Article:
in Conferences and events

Why Are You Making Games?

This is a written version of my 5-minute talk from the Indie Soapbox session at this year’s GDC.

Why are you making games? No, I don’t mean “why are you making games?”. Also, I don’t mean “why are you making games?”. And I certainly don’t mean “why (on earth) are you making games?”. I mean the question in the purest, most abstract sense. Just “why are you making games?”.

This was a key question for me last year, I spent a lot of time thinking about it, and I thought other people might benefit from asking themselves the same question. To see where I’m coming from, let’s do a quick flash back.

It’s late 2011. Miguel and I finished working on Casey’s Contraptions and my daughter was born. I took a couple months completely off from work (new dads will understand why), and then, right at the turn of the new year, I decided to start working again. The plan was to prototype a few of the juiciest ideas, pick one that really stood out, and make a new game in a few months. How hard could it be, right?


It turns out it was a lot harder than I ever imagined. I was confident in my list of hundreds of game ideas that I had been adding to over the years. I picked one idea, made a quick prototype in a day or two, and decided that I wasn’t as excited about that idea as I thought. So I picked another one, and another prototype that didn’t go anywhere. Then another, then another, and then another. This went on for months.

By the time I realized that my prototype icons weren’t fitting in a single page on my development iPad, I started worrying that something was wrong. Prototyping is great, it allows you to find the truly great ideas and all of that, but I wasn’t any closer to a game idea I wanted to make than when I started.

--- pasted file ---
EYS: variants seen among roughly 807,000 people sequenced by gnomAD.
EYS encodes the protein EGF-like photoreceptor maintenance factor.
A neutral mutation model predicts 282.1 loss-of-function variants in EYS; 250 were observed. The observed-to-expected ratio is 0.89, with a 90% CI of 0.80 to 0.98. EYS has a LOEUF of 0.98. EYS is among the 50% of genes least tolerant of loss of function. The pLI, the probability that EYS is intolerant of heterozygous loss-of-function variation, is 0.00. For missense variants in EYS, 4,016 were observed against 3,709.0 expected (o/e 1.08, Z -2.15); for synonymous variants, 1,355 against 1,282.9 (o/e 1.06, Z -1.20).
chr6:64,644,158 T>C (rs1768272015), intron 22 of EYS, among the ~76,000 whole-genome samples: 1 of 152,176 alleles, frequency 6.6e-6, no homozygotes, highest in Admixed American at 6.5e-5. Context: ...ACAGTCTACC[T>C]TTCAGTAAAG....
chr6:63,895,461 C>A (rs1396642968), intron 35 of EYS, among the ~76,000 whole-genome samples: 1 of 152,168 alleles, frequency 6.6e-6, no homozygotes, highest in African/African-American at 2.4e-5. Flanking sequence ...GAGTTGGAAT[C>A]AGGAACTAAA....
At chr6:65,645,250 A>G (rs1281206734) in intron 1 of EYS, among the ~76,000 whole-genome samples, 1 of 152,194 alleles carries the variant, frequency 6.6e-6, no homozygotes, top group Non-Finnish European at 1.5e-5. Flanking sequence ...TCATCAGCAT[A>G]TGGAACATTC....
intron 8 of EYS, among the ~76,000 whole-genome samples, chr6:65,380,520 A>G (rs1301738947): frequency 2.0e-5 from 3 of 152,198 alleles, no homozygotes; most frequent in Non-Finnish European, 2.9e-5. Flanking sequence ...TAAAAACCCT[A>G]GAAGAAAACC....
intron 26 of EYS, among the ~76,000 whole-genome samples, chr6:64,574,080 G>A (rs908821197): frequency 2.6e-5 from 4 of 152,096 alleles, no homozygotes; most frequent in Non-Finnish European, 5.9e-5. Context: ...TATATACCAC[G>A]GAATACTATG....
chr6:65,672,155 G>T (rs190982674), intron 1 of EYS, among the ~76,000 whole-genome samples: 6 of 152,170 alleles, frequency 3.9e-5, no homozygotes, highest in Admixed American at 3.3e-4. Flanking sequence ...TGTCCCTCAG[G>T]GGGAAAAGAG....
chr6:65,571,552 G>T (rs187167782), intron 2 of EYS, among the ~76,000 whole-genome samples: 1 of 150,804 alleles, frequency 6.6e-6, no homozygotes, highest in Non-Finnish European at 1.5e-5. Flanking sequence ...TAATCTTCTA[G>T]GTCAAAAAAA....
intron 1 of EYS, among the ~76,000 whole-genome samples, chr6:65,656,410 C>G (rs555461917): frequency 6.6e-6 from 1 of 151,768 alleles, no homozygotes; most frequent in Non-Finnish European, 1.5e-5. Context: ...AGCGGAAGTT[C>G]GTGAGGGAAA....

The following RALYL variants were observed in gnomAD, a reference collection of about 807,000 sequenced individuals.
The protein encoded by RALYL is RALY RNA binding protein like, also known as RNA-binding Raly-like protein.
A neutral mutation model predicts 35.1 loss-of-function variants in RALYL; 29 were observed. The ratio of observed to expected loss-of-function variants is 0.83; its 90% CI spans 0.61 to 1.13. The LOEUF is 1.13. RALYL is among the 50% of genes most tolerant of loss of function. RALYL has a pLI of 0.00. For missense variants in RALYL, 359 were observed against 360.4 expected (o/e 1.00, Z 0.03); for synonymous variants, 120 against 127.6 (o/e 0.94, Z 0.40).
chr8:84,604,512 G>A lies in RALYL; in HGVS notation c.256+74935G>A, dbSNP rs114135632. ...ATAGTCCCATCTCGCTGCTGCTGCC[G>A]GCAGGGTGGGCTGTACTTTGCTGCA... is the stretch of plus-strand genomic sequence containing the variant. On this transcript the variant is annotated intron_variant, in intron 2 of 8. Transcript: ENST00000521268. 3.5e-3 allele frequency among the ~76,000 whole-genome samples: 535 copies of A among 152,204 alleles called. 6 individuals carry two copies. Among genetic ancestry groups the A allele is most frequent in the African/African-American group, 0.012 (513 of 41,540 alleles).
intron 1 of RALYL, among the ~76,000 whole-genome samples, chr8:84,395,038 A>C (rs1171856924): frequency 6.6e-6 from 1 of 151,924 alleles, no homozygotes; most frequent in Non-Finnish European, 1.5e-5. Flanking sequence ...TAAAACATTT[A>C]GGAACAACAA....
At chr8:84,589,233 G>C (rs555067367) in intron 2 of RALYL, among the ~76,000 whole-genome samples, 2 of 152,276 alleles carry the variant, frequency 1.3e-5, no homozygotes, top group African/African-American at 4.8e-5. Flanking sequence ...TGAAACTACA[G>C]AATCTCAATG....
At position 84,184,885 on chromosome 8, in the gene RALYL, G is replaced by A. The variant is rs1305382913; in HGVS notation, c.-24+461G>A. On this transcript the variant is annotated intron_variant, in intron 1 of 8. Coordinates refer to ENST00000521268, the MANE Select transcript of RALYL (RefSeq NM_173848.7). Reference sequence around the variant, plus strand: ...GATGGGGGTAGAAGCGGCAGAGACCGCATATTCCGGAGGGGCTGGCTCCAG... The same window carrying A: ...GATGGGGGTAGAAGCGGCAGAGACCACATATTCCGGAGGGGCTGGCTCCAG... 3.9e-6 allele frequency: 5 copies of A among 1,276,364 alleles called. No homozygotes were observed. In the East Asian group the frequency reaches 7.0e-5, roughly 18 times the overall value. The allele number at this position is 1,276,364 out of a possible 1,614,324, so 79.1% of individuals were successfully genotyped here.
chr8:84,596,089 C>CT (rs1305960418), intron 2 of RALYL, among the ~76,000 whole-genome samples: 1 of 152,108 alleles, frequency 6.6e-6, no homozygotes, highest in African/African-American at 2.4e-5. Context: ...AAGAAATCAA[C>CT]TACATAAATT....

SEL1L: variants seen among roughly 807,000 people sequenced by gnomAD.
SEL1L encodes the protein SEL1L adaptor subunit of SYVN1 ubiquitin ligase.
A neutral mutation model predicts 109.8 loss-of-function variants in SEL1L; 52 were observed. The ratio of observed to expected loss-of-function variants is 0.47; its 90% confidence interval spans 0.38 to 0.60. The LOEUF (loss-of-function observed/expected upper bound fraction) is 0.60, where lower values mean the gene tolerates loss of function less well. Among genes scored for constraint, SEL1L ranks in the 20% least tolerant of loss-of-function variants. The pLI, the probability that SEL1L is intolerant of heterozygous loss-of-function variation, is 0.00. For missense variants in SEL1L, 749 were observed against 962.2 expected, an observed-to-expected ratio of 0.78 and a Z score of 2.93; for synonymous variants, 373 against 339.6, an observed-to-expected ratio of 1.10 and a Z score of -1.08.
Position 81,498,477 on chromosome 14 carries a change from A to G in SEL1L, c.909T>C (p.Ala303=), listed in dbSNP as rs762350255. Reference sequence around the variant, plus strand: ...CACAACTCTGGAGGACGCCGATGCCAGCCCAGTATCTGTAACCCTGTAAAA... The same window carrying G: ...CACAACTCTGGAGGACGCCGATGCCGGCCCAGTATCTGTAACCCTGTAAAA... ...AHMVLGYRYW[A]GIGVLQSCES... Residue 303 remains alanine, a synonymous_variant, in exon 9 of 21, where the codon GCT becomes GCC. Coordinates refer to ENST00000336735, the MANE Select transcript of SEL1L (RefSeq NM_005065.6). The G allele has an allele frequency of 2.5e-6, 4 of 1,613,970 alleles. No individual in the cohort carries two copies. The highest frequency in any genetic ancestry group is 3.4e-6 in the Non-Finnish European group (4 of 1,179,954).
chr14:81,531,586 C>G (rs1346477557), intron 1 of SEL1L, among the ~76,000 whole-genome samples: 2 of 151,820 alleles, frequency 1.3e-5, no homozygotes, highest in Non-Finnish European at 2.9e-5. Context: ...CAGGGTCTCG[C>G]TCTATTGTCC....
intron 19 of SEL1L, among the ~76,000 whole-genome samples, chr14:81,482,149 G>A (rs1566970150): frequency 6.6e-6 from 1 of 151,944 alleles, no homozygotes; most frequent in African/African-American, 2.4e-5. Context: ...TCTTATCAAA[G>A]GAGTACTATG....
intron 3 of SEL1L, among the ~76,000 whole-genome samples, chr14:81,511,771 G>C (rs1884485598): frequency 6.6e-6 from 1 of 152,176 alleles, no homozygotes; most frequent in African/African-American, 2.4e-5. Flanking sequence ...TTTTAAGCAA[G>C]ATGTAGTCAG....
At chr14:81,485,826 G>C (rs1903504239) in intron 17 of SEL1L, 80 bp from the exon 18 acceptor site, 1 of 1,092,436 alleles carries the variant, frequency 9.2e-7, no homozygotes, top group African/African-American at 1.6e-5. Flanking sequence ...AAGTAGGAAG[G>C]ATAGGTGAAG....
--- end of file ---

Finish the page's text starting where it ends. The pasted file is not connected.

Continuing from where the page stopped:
At this point, I even started prototyping game ideas I knew I was not going to make, just to remove any pressure on me, as well as to get it out of my system how much I hated those game genres. It was an interesting effort, but, as you can imagine, it didn’t lead to any shipped games.

I did, however, help me start figuring out what was going on. I realized that the prototypes I was creating were dissatisfying because my intentions were unclear. I wanted too many conflicting things out of this next game, and that was pulling the game in all kinds of opposite directions.

I wanted to make a unique a different game, yet at the same time I wanted it to reach a huge audience. I wanted to ride the wave of financially successful iOS games, but I didn’t want to sell my soul with freemium-based games, and instead, I was going to make a “good” freemium game. I wanted to make something innovative, but I wanted to do it in just 6-9 months. I wanted it all, and I wanted it yesterday. Bad combination.

That’s when I sat down and asked myself point blank “why am I making games?”. Or at least the more concrete version “why am I making my next game?”. That’s a surprisingly hard question to answer really honestly. I had to peel away a bunch of layers until I found the answers to my question.

My specific answers don’t matter because there isn’t a right and wrong answer. Any answer is good as long as it’s honest, from the bottom of your heart. There are as many valid answers as game developers out there. Some people make games because they want to be famous, others because they want to make money, others because it’s the only thing they know how to do, others because they want to win awards, others because they want to reach as many people as possible, others because they want to tell stories, etc, etc.